Three dust-filled hours later I'm standing on the banks of the Mekong River looking across the slow smooth waters at my goal while I bargain with boat-taxi drivers. It becomes quite apparent that I'm in their backyard and my options are limited to swimming or paying the one and a half dollars they're asking.

Having paid the princely sum of five dollars to get this far from the border I decide I'm willing to pay up and I sling my bag into the long thin motorboat. Twenty minutes later the rich, yellow afternoon light surrounds me as I sip on a Beer Lao — the local brew — and watch tomorrow's dinner scratch around in the dirt for grain.

Farm animals roam free on the islands of Si Phan Don, Laos

Watching farm animals, drinking the local brew and enjoying the almost complete lack of modern conveniences may be just what you came for but these aren't the only things to be done in this quiet southern area of Laos.

Don Khong, the birthplace of the current president of Laos, Khamtay Siphandone, offers various beautiful temples, caves containing Buddha images and wonderful scenery.

The more adventurous can hire bikes for one dollar a day or a motorbike for 10 dollars a day, and see the entire island in style.

There are local festivals throughout the year but during December the most exciting event is held. The boat racing festival in December includes five days of carnival-like activities, with consumption of the local moonshine Lao-Lao at an all time high, and then culminates in the actual races on the eastern shore of the island.

A short description and explanation of the culture and consumption of the omni-present liquor, Lao-Lao is necessary at this point for those traveling through Laos.

Lao-Lao is found everywhere, offered to people everywhere, expected to be consumed and is perhaps the most viciously strong and unregulated liquor you will have consumed.

Made from rice and distilled by everyone, everywhere, you can buy it in everything from ornate glass bottles complete with giant pickled scorpions or cobras, included for your stamina, to five-liter plastic bags and jars.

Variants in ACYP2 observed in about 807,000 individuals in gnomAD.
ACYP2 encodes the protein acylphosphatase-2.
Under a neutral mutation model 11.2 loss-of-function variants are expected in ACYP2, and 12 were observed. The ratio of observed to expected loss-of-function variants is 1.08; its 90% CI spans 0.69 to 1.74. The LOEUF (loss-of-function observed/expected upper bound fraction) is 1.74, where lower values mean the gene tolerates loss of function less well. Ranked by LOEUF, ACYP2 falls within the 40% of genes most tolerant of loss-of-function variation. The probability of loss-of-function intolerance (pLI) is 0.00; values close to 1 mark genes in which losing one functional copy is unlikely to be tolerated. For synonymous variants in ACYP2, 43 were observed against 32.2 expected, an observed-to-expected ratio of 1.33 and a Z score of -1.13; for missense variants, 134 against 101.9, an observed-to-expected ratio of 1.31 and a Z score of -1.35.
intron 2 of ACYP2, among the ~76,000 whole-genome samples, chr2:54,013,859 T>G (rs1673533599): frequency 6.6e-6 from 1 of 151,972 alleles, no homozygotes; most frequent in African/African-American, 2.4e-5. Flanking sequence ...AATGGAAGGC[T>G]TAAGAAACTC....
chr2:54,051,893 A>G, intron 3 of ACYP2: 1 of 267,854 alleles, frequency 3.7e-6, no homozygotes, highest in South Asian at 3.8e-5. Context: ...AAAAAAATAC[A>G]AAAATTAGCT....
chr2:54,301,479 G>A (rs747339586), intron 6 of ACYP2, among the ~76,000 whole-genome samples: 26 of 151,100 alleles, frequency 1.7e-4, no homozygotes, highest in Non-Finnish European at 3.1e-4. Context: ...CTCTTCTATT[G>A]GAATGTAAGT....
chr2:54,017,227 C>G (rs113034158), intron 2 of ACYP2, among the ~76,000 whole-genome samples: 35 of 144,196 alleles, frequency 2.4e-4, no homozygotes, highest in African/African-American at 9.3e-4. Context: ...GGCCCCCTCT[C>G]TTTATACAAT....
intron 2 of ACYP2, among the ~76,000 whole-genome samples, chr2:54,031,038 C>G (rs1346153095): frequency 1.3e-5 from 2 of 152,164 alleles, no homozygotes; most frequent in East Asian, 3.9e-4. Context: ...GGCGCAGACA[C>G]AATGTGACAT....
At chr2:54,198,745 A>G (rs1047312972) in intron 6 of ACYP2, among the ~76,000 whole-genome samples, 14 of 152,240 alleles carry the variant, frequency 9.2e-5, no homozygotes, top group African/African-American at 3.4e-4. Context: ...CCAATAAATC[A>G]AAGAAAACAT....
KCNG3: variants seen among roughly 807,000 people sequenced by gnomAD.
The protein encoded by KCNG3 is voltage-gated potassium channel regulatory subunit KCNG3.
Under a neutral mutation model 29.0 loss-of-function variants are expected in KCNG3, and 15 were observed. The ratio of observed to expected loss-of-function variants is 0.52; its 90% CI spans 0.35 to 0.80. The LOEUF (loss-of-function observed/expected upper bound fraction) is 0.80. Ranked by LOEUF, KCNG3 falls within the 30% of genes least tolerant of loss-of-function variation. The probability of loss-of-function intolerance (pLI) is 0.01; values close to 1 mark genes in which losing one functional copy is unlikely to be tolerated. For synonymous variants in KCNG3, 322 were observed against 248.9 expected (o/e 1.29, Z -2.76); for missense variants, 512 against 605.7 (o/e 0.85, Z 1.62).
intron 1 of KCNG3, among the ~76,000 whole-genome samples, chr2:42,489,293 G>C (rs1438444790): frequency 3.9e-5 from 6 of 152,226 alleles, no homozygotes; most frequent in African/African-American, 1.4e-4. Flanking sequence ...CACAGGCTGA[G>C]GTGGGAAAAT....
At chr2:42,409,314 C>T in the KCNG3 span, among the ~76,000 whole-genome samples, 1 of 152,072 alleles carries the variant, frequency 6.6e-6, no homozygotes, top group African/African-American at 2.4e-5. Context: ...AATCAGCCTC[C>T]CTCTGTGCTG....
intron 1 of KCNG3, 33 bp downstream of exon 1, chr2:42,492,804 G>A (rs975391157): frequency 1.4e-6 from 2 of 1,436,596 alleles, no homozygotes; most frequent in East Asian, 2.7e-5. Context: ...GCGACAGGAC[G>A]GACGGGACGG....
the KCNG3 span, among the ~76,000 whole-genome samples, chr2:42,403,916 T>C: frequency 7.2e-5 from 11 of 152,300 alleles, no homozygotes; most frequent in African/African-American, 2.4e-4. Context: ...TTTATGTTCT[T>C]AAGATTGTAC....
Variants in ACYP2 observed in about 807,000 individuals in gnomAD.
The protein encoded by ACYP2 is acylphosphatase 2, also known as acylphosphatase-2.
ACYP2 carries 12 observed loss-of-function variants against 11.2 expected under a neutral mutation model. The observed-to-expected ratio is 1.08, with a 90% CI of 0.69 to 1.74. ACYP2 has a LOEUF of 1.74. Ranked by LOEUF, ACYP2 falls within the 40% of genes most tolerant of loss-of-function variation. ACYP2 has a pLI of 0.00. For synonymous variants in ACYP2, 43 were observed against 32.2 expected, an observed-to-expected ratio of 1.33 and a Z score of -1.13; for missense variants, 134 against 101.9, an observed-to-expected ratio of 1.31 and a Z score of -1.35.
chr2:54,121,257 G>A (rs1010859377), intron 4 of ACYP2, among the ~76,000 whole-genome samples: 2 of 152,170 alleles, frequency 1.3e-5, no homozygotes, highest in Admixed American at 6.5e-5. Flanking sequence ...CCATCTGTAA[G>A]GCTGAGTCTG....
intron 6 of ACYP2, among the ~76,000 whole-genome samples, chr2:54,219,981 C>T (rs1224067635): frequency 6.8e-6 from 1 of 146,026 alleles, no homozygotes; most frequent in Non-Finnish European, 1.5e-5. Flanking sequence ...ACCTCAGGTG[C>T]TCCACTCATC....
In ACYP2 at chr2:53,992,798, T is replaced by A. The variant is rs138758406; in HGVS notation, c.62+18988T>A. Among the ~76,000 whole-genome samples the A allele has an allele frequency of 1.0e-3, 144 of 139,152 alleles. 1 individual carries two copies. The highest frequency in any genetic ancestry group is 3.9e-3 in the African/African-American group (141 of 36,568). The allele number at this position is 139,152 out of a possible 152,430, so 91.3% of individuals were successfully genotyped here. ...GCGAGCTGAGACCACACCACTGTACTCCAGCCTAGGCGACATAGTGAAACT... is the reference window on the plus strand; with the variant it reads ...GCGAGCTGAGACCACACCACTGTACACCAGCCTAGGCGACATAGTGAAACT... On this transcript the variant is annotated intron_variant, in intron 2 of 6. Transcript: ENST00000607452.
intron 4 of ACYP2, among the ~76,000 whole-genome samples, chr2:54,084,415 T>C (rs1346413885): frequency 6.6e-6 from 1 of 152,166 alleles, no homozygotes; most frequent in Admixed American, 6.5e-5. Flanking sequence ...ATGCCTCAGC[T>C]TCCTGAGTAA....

Unfortunately, because of the widespread production of this fiery grog, its potency is always uncertain. Alcohol percentages as low as 25 percent and as high as 75 percent can be expected so caution is best when called on to drink.

Fortunately, a useful Laotian drinking ritual is always observed when Lao-Lao does the rounds. Every time you are offered a drink you must pour some out as an offering to the spirits and ancestors.

Of course this affords you the opportunity to pour out as much as you like for the ever-thirsty spirits and allows you to maintain your drinking legs, not to mention your lunch.

Don Det and Don Khon offer similar tourist fare to Don Khong but with a few important bonuses.

Downstream from Don Khong, near the Cambodian border, is home to the rare Irrawaddy dolphin as well as a very impressive set of rapids called Li Phi Falls.

In May and June, during the rainy season, the falls are at their most intense and fishermen here can catch up to half a ton of fish in their bamboo traps.

A Laotian musician plays a traditional stringed instrument during a party near Don Khon, north of the Cambodian border in December, 2005.

Another set of powerful rapids, the largest being Khon Phapheng, which stretches for 13 km, lie just south of Don Khong and are best accessed by boat through a guest-house- organized tour that includes the falls and a chance to see the strangely lavender-colored dolphins.

These tours usually cost around 10 dollars and sometimes include lunch and a burning glass of Lao-Lao for the brave.

For those people who are more curious about the Lao culture and its people a relatively new trend has started on the islands of Don Det and Don Khon. Foreigners and locals have begun to throw daytime barbecue parties on the small, unpopulated islands nearby.

A spit-roasted pig, fresh river fish, juicy chicken and plenty of Lao-Lao are culinary features of these parties.

Traditional Lao musicians often play adlib and classic Lao tunes while whipping up the party-goers with elegant Lao dance moves.

These parties are well worth the five to seven dollars you will pay for the whole days excursion, but be warned about the Lao-Lao.

Whether you are sick of scurrying through Seoul's streets or being constantly crushed in frantic subway surges.

Whether you are looking for the exotic and are curious about Lao culture or just want a breath of clean air and a sun tan, Laos is a cheap, relaxing, beautiful and simply outstanding holiday destination for those of you who want to step outside the hustle of life for a time, lie in a hammock and just dream for awhile.

For more information about Laos and Si Phan Don
you can contact the Embassy of the Lao PDR
657-9 Hannam-Dong, Yongsan-Gu, Seoul, Korea
(02) 796-1713/ (02) 796-1714 or visit the Lao PDR Embassy web site at

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Crispin Anderlini, whos serves as Staff Writer & Photojournalist for The Seoul Times, has been working as photojournalist for such publications as South China Morning Post, Shanghai Talk magazine, and SajinYesul for the past two years within S. Korea, China, and Australia.This New Zealand photojournalist graduated from Victoria University in Wellington with a BA in Anthropology.